The new Canadian law re-calibrates this approach by giving consumers greater control over the costs they bear from commercial email. By shifting to an opt-in approach, the costs associated with receiving and dealing with email better reflects consumer choice since consumers only incur the costs for those commercial emails for which they have expressly provided consent. It is worth noting that the allocation of costs is also reflected in many (though not all) of the exceptions in the law. For example, product recalls and safety warnings are exempt from the consent requirements, reflecting the benefit to consumers, who bear the costs of receipt. Similarly, business-to-business email is generally exempted as a cost of doing business.

The debate over where to strike this privacy balance is an old one. For example, in 1991, the U.S. passed the Telephone Consumer Protection Act. The TCPA included a ban on sending unsolicited commercial faxes without prior express consent. Business groups objected to the TCPA, using many of the same arguments raised with CASL. In fact, a constitutional challenge on the ban was launched, but failed. A review of the Congressional thinking behind the bill notes:

It simply was not fair to require consumers to swallow the costs — paper, ink, wear-and-tear on the machine — of automatically received, unwanted faxes promising great hotel deals or special car wash discounts. Congress reasoned that the consumer protection rights of the fax recipient — who must unfairly waste time waiting while a machine receives and prints out an unwanted transmission, all at the recipient’s cost — trumped any commercial speech rights of the marketers.

Faxes are not the same as email, but the reasoning is the same. There is a cost to consumers for the receipt of commercial email from legitimate businesses. For over a decade, businesses have effectively off-loaded those costs. CASL seeks to create a more equitable balance, leading to support from many Canadians but opposition from business.

In fact, the same balancing debate occurred with the creation of Canada’s do-not-call list. Marketers warned about the negative impact on many businesses, but the government noted that consumers faced the brunt of the cost for telemarketing calls in the form of time and interruption of privacy in the home. The result was a more balanced approach with an expanded opt-out system that requires all marketers to consult the do-not-call list before engaging in telemarketing.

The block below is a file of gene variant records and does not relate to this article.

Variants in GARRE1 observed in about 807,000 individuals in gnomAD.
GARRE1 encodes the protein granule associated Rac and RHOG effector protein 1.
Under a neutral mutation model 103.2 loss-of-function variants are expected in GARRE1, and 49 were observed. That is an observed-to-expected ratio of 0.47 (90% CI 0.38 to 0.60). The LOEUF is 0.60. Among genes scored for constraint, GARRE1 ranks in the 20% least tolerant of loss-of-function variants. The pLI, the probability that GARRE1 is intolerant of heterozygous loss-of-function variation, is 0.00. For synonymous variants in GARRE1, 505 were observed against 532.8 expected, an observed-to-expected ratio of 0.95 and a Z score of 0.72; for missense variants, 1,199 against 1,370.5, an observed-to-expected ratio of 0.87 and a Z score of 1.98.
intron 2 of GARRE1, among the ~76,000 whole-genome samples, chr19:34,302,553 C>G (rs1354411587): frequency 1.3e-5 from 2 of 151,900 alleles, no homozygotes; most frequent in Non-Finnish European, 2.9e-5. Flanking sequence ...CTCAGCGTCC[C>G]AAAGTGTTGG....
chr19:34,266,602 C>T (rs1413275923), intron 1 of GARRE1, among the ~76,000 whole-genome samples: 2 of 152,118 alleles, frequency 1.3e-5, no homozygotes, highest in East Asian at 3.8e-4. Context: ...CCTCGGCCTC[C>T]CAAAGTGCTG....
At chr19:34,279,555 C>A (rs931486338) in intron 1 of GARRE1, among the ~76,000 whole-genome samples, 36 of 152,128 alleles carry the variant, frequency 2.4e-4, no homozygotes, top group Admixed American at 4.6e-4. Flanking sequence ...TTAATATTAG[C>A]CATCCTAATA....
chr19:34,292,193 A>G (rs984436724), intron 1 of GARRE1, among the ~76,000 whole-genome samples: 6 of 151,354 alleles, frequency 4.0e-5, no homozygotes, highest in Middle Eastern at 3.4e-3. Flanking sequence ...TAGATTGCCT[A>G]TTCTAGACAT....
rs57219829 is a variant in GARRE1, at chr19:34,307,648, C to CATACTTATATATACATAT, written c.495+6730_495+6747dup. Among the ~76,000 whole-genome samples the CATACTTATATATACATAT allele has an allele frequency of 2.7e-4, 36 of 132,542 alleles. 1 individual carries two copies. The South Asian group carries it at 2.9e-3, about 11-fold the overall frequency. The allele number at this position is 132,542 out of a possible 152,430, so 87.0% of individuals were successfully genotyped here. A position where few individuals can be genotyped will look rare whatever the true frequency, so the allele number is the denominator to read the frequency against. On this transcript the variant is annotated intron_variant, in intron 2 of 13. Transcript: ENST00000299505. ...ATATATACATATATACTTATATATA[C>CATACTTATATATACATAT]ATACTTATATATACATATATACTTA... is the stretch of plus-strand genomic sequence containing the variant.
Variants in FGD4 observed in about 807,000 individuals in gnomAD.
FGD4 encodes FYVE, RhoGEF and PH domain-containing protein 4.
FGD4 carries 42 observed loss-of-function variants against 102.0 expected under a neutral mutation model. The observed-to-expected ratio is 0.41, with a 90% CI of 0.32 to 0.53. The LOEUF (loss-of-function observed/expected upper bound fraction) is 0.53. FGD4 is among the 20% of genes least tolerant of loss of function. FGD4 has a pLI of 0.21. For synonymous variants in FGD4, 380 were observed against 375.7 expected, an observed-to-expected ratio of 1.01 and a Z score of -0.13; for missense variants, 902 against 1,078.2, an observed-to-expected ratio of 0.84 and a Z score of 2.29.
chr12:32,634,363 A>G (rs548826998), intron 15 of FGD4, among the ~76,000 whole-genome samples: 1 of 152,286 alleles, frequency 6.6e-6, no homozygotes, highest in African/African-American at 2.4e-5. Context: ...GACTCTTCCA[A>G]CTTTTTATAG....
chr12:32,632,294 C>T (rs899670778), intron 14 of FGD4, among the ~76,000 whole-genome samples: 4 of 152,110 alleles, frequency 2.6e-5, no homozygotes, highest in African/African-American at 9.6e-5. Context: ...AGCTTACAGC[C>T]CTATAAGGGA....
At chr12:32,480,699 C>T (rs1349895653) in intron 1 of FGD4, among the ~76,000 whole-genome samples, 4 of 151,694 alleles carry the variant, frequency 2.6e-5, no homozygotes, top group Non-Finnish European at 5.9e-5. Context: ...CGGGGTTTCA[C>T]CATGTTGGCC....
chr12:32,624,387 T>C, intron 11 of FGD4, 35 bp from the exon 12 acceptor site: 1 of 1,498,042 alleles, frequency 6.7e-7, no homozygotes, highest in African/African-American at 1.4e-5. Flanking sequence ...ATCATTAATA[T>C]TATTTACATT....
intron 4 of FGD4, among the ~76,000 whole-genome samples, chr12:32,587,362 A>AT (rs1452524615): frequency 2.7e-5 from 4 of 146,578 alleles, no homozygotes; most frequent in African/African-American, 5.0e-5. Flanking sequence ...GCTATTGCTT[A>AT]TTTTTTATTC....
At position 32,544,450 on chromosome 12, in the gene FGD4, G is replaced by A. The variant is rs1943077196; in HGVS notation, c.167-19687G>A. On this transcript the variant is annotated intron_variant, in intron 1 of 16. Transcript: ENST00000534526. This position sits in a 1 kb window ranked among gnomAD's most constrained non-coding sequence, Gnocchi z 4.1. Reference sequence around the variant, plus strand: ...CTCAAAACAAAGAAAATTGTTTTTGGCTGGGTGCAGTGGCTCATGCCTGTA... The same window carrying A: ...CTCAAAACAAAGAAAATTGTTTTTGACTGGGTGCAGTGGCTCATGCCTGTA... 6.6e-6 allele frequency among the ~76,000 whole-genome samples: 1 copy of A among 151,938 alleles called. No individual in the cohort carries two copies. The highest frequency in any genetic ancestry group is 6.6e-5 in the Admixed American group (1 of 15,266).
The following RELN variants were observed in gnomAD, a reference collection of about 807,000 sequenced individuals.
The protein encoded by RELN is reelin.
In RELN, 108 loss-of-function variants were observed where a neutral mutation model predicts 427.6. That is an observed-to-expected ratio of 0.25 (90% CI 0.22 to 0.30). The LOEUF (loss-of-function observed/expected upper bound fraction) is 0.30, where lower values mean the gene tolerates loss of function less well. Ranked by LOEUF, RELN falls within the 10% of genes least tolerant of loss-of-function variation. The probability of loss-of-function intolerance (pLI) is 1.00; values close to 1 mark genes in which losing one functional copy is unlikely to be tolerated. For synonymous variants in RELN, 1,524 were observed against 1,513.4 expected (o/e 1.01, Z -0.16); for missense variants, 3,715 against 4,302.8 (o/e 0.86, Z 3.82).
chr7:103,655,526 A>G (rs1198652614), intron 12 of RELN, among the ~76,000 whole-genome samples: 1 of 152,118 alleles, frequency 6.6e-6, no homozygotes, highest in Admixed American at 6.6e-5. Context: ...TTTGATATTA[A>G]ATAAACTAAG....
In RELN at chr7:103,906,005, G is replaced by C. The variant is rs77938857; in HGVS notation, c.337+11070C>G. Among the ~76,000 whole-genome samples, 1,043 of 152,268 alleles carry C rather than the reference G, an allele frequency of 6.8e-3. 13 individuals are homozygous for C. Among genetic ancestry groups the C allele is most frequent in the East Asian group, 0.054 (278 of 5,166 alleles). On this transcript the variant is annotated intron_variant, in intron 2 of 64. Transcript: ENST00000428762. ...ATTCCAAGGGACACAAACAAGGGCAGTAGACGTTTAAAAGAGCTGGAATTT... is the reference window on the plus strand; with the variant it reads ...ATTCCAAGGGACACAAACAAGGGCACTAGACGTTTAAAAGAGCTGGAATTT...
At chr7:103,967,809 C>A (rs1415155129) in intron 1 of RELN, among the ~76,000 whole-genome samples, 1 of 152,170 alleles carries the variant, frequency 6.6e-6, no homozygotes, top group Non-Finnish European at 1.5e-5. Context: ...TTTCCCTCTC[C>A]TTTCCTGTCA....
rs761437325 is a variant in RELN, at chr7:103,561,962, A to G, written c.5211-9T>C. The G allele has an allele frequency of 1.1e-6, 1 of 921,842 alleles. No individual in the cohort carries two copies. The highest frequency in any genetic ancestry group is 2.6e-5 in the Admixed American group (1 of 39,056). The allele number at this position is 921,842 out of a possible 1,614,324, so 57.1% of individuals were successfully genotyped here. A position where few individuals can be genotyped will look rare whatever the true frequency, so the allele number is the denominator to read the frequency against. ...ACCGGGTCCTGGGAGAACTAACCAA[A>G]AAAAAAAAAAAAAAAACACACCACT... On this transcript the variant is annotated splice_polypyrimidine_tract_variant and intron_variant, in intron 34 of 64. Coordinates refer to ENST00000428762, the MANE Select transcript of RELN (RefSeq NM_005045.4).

With respect to commercial email, the policy rationale is similar: since an opt-out do-not-spam list is not viable, the best way to address the cost imbalance on commercial email is to relieve consumers of some of the costs by granting them the right to opt-in to emails, rather than opt-out.

As for the business costs of compliance, business was already required to maintain lists and respect opt-outs. Much of the additional compliance costs stem from either seeking an opt-in or the complexity of relying upon exceptions. In the case of seeking opt-ins, businesses could have obtained an opt-in the first place, but chose not to do so. Moreover, businesses have been given a three-year transition period to address the requirement (note that if the law was only concerned with fraudulent spam, there would be no need for a three year transition). As for the compliance costs from relying upon exceptions, it seems reasonable that there may be some costs for those businesses that would prefer to avoid obtaining express consent.

Some may still disagree with the policy rationale or the privacy balance struck by CASL. However, what should be obvious to all is that the law is about far more than just harmful spam. The application to legitimate businesses is not an unintended consequence but rather a well-considered policy decision to update Canadian privacy standards by more fairly apportioning the costs associated with the use of personal information.

This piece originally appeared on Michael Geist’s blog and is reprinted with permission.

Photo: flickr/g4ll4is